You won't have to look your employees in the eye anymore if you install one of the newer, and more exotic, security and time-checking gizmos on the market: the device well do that for you. It's called the EyeDentification System 7.5, and it works by reading the blood-vessel patterns in an employee's retina, which it then compares with a copy in a database. "It's the highest form of positive identification in the world," claims Keith McGuire, president of EyeDentify Inc., of Beaverton, Ore., the nine-year-old, $2-million-a-year company that manufactures the system. "No two people have the same retinal pattern, and there's no way you can alter your eye." The company contends that the device has a false acceptance rate of only one in a million, making it more accurate than other systems based on fingerprints, voiceprints, or handprints.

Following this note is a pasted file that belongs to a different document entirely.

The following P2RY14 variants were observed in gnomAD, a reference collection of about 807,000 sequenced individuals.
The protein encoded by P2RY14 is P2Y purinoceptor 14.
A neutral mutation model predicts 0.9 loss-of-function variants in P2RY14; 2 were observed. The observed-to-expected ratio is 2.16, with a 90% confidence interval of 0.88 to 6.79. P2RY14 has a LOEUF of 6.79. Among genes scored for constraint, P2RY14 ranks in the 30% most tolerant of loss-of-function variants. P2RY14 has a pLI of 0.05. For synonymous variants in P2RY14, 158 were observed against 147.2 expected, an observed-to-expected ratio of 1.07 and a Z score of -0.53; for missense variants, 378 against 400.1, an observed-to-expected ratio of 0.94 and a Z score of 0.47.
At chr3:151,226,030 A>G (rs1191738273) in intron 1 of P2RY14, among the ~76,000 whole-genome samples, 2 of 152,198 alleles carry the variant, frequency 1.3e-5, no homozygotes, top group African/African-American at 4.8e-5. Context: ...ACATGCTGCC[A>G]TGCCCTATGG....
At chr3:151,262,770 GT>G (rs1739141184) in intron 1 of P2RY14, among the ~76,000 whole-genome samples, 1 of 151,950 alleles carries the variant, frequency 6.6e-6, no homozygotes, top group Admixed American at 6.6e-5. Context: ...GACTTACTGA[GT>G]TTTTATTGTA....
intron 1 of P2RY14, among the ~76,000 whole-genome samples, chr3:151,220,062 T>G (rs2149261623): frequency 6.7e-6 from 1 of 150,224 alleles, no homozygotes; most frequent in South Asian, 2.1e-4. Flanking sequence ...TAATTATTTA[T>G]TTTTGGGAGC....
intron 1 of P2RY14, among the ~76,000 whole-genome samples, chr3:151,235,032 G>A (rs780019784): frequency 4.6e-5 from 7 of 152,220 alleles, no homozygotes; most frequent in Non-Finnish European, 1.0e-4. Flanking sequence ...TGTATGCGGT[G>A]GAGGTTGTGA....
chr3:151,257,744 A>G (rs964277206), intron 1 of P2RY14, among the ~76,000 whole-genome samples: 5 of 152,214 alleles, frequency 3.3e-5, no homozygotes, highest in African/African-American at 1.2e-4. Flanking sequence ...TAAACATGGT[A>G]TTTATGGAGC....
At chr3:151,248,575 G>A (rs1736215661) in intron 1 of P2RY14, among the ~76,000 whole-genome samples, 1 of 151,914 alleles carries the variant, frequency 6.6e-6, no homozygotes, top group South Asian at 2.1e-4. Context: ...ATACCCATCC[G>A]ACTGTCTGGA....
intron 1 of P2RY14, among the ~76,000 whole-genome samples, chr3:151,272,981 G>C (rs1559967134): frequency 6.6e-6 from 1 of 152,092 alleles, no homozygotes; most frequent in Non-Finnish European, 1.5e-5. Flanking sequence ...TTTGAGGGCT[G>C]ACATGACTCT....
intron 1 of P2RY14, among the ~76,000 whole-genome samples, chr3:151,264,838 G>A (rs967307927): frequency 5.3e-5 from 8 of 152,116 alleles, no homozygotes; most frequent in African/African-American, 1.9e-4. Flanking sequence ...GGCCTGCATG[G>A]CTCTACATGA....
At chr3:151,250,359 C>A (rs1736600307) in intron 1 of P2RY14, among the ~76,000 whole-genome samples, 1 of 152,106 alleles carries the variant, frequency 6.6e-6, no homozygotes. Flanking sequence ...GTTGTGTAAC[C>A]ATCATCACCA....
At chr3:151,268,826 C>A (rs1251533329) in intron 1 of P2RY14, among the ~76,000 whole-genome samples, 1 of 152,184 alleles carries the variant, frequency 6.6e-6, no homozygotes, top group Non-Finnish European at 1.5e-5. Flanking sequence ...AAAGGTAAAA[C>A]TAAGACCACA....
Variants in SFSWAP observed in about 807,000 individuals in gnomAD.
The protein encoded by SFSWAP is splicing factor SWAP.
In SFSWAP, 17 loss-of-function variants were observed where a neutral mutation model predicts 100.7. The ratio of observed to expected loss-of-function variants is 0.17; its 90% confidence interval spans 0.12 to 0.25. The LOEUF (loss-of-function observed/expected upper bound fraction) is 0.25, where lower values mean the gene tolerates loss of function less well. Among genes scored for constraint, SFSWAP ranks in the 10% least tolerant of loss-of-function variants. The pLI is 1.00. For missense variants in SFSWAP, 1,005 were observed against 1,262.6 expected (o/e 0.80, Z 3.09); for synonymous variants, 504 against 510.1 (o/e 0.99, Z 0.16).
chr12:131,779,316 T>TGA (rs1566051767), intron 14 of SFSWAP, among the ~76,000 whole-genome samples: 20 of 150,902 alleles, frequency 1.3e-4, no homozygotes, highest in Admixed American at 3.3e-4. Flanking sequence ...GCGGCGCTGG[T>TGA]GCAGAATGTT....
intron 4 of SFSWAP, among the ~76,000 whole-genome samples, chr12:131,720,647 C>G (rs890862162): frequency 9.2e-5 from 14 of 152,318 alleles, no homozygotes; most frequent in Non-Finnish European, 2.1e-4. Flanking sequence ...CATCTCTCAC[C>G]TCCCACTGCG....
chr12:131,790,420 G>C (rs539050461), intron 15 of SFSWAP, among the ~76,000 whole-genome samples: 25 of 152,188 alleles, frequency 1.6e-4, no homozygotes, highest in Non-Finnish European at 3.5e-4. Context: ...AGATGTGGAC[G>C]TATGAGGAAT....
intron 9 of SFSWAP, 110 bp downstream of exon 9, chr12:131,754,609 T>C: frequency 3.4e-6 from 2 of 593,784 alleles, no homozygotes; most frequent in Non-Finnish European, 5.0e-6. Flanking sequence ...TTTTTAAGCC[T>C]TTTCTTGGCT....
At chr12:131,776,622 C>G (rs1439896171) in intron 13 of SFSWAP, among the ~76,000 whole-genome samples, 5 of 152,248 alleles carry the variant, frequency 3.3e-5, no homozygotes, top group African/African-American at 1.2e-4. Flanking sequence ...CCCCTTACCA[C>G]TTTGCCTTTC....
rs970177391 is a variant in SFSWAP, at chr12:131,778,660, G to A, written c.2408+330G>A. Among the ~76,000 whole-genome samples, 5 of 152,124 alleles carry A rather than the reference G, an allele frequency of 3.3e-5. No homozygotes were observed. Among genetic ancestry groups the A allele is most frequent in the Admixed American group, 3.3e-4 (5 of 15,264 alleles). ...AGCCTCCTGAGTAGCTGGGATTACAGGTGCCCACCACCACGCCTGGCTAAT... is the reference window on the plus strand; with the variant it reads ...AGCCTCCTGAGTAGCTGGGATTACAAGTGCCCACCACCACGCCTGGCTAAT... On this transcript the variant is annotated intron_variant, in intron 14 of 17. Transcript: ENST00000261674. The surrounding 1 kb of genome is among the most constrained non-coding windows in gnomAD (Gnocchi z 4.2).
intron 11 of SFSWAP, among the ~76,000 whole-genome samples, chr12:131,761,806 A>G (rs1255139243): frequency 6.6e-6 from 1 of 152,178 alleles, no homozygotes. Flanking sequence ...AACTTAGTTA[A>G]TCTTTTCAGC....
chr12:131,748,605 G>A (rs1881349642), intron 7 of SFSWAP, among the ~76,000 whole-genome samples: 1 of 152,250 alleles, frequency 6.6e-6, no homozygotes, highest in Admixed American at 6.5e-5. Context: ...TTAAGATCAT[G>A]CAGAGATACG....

Since it began producing the system a year ago, EyeDentify has sold more than 300 of them at $11,000 a crack, primarily to companies with security problems. But the technology's greatest appeal may lie in the potential savings on personnel costs for hourly employees, achieved by using EyeDentify's Time and Attendance System. McGuire contends that this system can save "an average company with 125 employees" $53,000 in the first year of operation by providing a more accurate record of the time that workers actually spend on the job. That's more or less accurate, according to John Pilkington, managing director of the Fort Wayne Hilton in Fort Wayne, Ind. "[The EyeDentify system] saved us 20% on payroll the first month, and now it's saving 40%," he says, adding that he expects it to pay for itself in six months.